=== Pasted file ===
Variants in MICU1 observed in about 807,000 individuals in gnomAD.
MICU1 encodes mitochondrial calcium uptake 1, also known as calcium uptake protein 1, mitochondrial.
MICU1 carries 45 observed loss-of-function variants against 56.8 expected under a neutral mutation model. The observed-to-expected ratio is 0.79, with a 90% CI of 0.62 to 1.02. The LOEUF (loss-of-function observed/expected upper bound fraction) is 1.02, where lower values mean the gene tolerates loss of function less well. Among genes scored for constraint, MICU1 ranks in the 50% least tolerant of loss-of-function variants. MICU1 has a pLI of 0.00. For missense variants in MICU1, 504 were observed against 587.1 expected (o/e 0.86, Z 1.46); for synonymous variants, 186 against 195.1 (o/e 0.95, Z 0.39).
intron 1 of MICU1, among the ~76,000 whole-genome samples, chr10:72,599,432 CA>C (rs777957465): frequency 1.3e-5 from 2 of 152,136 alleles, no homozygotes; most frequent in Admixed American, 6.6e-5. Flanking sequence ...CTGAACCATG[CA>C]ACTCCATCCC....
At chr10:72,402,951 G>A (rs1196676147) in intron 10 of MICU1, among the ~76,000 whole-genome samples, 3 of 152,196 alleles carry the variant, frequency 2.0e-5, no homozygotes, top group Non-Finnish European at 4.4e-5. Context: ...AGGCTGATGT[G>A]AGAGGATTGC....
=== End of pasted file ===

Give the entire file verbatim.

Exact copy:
Variants in MICU1 observed in about 807,000 individuals in gnomAD.
MICU1 encodes mitochondrial calcium uptake 1, also known as calcium uptake protein 1, mitochondrial.
MICU1 carries 45 observed loss-of-function variants against 56.8 expected under a neutral mutation model. The observed-to-expected ratio is 0.79, with a 90% CI of 0.62 to 1.02. The LOEUF (loss-of-function observed/expected upper bound fraction) is 1.02, where lower values mean the gene tolerates loss of function less well. Among genes scored for constraint, MICU1 ranks in the 50% least tolerant of loss-of-function variants. MICU1 has a pLI of 0.00. For missense variants in MICU1, 504 were observed against 587.1 expected (o/e 0.86, Z 1.46); for synonymous variants, 186 against 195.1 (o/e 0.95, Z 0.39).
intron 1 of MICU1, among the ~76,000 whole-genome samples, chr10:72,599,432 CA>C (rs777957465): frequency 1.3e-5 from 2 of 152,136 alleles, no homozygotes; most frequent in Admixed American, 6.6e-5. Flanking sequence ...CTGAACCATG[CA>C]ACTCCATCCC....
At chr10:72,402,951 G>A (rs1196676147) in intron 10 of MICU1, among the ~76,000 whole-genome samples, 3 of 152,196 alleles carry the variant, frequency 2.0e-5, no homozygotes, top group Non-Finnish European at 4.4e-5. Context: ...AGGCTGATGT[G>A]AGAGGATTGC....